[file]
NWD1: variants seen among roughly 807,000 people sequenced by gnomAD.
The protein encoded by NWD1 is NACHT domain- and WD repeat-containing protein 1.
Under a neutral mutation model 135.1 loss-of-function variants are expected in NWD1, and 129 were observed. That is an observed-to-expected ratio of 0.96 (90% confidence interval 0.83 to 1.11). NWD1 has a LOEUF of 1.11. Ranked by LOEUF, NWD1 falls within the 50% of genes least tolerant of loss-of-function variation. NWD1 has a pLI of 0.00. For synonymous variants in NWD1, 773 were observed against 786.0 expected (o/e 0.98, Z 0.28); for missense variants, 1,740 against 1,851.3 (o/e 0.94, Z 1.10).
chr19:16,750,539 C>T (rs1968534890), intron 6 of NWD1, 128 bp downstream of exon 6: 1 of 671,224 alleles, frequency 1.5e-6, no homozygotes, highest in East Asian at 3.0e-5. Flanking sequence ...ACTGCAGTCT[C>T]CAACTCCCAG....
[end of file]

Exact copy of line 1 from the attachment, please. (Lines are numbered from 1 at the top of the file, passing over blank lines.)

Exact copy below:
NWD1: variants seen among roughly 807,000 people sequenced by gnomAD.